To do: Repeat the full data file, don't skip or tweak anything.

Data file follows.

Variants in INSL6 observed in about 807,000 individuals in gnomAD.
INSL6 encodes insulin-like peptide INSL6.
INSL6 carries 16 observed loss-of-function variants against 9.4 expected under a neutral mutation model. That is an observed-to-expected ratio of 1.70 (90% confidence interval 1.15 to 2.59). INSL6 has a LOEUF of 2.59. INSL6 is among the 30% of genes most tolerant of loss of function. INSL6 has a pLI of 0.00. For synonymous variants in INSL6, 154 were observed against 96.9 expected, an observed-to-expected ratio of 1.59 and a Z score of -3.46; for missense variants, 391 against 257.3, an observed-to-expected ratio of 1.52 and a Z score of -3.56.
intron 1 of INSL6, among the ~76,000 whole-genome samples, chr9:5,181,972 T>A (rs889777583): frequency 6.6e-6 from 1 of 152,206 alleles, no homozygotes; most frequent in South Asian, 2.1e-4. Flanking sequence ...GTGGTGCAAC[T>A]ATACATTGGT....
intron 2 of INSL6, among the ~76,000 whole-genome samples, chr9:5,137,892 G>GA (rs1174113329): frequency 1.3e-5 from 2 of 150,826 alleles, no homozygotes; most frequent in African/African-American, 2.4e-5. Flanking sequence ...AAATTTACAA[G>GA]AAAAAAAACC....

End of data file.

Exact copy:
Variants in INSL6 observed in about 807,000 individuals in gnomAD.
INSL6 encodes insulin-like peptide INSL6.
INSL6 carries 16 observed loss-of-function variants against 9.4 expected under a neutral mutation model. That is an observed-to-expected ratio of 1.70 (90% confidence interval 1.15 to 2.59). INSL6 has a LOEUF of 2.59. INSL6 is among the 30% of genes most tolerant of loss of function. INSL6 has a pLI of 0.00. For synonymous variants in INSL6, 154 were observed against 96.9 expected, an observed-to-expected ratio of 1.59 and a Z score of -3.46; for missense variants, 391 against 257.3, an observed-to-expected ratio of 1.52 and a Z score of -3.56.
intron 1 of INSL6, among the ~76,000 whole-genome samples, chr9:5,181,972 T>A (rs889777583): frequency 6.6e-6 from 1 of 152,206 alleles, no homozygotes; most frequent in South Asian, 2.1e-4. Flanking sequence ...GTGGTGCAAC[T>A]ATACATTGGT....
intron 2 of INSL6, among the ~76,000 whole-genome samples, chr9:5,137,892 G>GA (rs1174113329): frequency 1.3e-5 from 2 of 150,826 alleles, no homozygotes; most frequent in African/African-American, 2.4e-5. Flanking sequence ...AAATTTACAA[G>GA]AAAAAAAACC....